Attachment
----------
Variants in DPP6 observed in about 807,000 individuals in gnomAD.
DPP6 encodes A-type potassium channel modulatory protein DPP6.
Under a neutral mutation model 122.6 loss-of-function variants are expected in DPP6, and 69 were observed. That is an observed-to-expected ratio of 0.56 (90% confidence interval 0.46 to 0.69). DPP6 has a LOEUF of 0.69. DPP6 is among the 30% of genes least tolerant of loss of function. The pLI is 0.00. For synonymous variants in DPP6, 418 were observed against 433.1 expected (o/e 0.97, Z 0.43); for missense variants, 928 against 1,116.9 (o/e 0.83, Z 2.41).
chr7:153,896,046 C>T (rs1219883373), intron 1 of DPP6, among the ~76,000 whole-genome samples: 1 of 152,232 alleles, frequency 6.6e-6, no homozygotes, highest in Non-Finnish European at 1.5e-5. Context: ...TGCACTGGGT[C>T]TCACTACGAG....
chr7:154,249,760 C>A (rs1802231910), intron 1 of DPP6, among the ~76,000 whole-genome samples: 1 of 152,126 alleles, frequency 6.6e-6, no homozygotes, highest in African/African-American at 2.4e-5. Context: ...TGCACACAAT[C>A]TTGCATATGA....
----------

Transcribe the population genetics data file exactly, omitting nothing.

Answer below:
Variants in DPP6 observed in about 807,000 individuals in gnomAD.
DPP6 encodes A-type potassium channel modulatory protein DPP6.
Under a neutral mutation model 122.6 loss-of-function variants are expected in DPP6, and 69 were observed. That is an observed-to-expected ratio of 0.56 (90% confidence interval 0.46 to 0.69). DPP6 has a LOEUF of 0.69. DPP6 is among the 30% of genes least tolerant of loss of function. The pLI is 0.00. For synonymous variants in DPP6, 418 were observed against 433.1 expected (o/e 0.97, Z 0.43); for missense variants, 928 against 1,116.9 (o/e 0.83, Z 2.41).
chr7:153,896,046 C>T (rs1219883373), intron 1 of DPP6, among the ~76,000 whole-genome samples: 1 of 152,232 alleles, frequency 6.6e-6, no homozygotes, highest in Non-Finnish European at 1.5e-5. Context: ...TGCACTGGGT[C>T]TCACTACGAG....
chr7:154,249,760 C>A (rs1802231910), intron 1 of DPP6, among the ~76,000 whole-genome samples: 1 of 152,126 alleles, frequency 6.6e-6, no homozygotes, highest in African/African-American at 2.4e-5. Context: ...TGCACACAAT[C>A]TTGCATATGA....